ICDs fail to reduce long-term mortality in non-ischaemic HF
medwireNews: Prophylactic implantable cardioverter–defibrillator (ICD) use does not reduce long-term mortality in patients with symptomatic heart failure (HF) not caused by coronary artery disease, Danish research shows.
The 556 study participants who were randomly assigned to receive an ICD did, however, have a significant 50% reduction in the risk of sudden death compared with the 560 participants who were assigned to receive usual clinical care.
All patients had symptomatic non-ischaemic systolic HF with a left ventricular ejection fraction of 35% or lower at the start of the study.
Lars Køber (Rigshospitalet, Copenhagen) and colleagues say their findings add “to the available body of data to consider in formulating the indications for ICD implantation in patients with non-ischemic systolic heart failure”, particularly as current American Heart Association guidelines do not distinguish between patients with ischaemic and non-ischaemic HF when recommending ICD implantation.
During a median follow-up period of 67.6 months, the all-cause mortality rate was 21.6% in the ICD group and 23.4% in the control group, a difference that was not statistically significant.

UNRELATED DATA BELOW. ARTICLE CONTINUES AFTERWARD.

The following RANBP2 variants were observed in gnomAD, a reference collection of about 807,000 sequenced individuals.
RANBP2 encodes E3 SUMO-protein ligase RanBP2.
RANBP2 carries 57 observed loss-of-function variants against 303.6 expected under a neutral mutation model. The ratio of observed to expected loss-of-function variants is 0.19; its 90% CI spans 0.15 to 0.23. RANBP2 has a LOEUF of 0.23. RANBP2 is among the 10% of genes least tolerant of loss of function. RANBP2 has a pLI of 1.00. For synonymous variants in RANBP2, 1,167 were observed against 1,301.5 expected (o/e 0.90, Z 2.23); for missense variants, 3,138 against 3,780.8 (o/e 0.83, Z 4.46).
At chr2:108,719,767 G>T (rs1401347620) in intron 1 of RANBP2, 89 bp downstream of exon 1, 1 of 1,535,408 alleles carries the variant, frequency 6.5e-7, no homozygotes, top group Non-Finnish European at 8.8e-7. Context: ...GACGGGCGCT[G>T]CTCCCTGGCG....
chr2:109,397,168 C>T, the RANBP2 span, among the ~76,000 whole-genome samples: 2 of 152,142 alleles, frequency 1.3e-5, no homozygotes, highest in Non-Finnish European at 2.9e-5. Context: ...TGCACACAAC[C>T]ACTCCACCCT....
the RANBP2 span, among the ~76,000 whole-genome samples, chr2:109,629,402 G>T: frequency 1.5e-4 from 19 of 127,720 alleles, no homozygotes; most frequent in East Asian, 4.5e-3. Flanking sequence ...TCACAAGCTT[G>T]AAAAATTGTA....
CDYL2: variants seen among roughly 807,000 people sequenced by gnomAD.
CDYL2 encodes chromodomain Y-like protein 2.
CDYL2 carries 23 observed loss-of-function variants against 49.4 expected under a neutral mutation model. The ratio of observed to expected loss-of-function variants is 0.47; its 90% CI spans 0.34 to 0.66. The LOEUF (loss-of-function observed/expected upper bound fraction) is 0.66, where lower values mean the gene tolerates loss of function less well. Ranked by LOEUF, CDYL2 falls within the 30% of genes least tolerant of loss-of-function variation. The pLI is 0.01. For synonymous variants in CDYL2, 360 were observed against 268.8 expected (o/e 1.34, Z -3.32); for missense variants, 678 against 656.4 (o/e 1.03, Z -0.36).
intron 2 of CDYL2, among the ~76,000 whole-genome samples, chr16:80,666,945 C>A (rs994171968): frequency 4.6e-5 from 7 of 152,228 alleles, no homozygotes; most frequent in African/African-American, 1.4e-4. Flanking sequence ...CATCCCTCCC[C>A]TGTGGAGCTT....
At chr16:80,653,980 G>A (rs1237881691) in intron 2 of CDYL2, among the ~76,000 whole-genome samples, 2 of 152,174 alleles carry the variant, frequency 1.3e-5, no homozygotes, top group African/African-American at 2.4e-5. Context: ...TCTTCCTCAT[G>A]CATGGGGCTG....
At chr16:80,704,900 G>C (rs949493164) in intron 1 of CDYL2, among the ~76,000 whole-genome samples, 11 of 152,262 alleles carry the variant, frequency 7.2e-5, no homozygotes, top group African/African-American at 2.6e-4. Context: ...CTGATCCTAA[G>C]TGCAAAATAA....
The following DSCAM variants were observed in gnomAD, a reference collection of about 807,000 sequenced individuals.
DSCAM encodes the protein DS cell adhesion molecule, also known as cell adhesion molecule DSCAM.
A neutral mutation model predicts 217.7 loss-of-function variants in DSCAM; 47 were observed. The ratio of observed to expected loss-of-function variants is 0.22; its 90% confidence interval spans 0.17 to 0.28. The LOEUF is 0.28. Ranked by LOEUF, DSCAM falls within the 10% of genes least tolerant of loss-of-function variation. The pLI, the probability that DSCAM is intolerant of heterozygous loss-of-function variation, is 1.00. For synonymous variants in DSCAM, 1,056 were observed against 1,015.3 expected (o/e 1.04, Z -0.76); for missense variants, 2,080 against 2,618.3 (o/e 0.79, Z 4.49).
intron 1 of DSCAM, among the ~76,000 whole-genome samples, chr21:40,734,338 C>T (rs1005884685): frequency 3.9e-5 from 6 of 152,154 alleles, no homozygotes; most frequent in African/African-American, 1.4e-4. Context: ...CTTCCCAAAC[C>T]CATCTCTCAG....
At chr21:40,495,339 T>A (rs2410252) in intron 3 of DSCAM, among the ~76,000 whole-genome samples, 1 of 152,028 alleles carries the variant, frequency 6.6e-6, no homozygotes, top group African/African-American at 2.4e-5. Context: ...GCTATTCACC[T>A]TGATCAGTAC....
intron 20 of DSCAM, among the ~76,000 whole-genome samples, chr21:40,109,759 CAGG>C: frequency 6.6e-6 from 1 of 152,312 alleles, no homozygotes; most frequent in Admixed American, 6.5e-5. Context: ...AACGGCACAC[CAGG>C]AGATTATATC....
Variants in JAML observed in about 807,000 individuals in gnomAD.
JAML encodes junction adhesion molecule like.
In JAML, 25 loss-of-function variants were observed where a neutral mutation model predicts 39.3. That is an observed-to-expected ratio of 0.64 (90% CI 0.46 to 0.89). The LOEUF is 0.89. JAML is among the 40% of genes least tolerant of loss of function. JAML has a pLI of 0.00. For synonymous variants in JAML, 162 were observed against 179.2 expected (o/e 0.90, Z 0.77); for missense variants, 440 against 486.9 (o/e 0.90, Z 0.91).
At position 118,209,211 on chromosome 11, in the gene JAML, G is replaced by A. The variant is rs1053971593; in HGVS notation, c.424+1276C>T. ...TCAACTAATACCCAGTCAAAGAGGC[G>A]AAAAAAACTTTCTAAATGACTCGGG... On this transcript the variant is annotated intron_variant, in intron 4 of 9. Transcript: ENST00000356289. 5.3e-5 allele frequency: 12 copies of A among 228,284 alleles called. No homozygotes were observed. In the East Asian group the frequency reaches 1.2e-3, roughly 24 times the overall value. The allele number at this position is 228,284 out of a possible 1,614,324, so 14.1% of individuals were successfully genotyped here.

There was also no significant difference in cardiovascular deaths between the ICD and control groups, at 13.8% and 17.0%, respectively, but there were significantly fewer sudden cardiac deaths among patients who received an ICD compared with those who did not, at 4.3% versus 8.2%.
Køber et al say in The New England Journal of Medicine that ICD implantation had a “convincing” effect on sudden cardiac death, suggesting that “patients who are not expected to die from other causes may be good candidates for ICD implantation.”
Of note, 58% of patients in each group received cardiac resynchronisation therapy (CRT), nearly all were treated with ACE inhibitors or angiotensin-receptor blockers and ß blockers, and almost 60% received a mineralocorticoid-receptor antagonist.
This high level of background treatment may partly explain the lack of significant benefit in overall mortality, says John McMurray, from the University of Glasgow, UK, in an accompanying editorial.
“[T]hese treatments reduce the risk of premature cardiovascular death, including the risk of sudden cardiac death, very substantially”, he explains.
But the researchers point out that the effect of ICD implantation was independent of CRT status.
By contrast, subgroup analyses showed that age had a significant effect on treatment. Specifically, all-cause mortality was significantly lower in patients under 68 years of age who received an ICD, compared with those of the same age who did not.
McMurray concludes that ICDs are “expensive and not without adverse effects”, meaning they should be targeted to “patients most likely to benefit — that is, those who remain at high absolute risk for sudden cardiac death despite receiving the best available pharmacologic and device therapy.”
By Laura Cowen
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